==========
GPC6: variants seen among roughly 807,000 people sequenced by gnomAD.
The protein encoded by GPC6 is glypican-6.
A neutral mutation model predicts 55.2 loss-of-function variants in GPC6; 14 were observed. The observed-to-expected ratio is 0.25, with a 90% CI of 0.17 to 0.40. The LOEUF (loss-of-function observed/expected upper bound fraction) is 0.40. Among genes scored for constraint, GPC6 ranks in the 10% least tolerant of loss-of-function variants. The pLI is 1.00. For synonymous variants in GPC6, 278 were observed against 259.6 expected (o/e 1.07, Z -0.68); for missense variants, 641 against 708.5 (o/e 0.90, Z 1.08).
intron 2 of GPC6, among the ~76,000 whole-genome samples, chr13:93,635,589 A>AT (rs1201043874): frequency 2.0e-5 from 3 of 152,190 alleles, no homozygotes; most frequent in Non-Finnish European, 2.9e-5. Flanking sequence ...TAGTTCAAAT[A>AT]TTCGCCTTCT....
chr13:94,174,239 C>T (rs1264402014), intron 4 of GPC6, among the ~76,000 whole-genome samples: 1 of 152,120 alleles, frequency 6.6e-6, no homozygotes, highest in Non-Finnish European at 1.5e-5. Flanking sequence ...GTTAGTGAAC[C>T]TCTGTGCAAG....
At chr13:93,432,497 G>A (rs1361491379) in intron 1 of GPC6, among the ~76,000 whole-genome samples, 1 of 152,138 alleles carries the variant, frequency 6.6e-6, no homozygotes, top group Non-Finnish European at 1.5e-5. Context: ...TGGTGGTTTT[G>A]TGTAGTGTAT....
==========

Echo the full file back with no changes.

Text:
GPC6: variants seen among roughly 807,000 people sequenced by gnomAD.
The protein encoded by GPC6 is glypican-6.
A neutral mutation model predicts 55.2 loss-of-function variants in GPC6; 14 were observed. The observed-to-expected ratio is 0.25, with a 90% CI of 0.17 to 0.40. The LOEUF (loss-of-function observed/expected upper bound fraction) is 0.40. Among genes scored for constraint, GPC6 ranks in the 10% least tolerant of loss-of-function variants. The pLI is 1.00. For synonymous variants in GPC6, 278 were observed against 259.6 expected (o/e 1.07, Z -0.68); for missense variants, 641 against 708.5 (o/e 0.90, Z 1.08).
intron 2 of GPC6, among the ~76,000 whole-genome samples, chr13:93,635,589 A>AT (rs1201043874): frequency 2.0e-5 from 3 of 152,190 alleles, no homozygotes; most frequent in Non-Finnish European, 2.9e-5. Flanking sequence ...TAGTTCAAAT[A>AT]TTCGCCTTCT....
chr13:94,174,239 C>T (rs1264402014), intron 4 of GPC6, among the ~76,000 whole-genome samples: 1 of 152,120 alleles, frequency 6.6e-6, no homozygotes, highest in Non-Finnish European at 1.5e-5. Flanking sequence ...GTTAGTGAAC[C>T]TCTGTGCAAG....
At chr13:93,432,497 G>A (rs1361491379) in intron 1 of GPC6, among the ~76,000 whole-genome samples, 1 of 152,138 alleles carries the variant, frequency 6.6e-6, no homozygotes, top group Non-Finnish European at 1.5e-5. Context: ...TGGTGGTTTT[G>A]TGTAGTGTAT....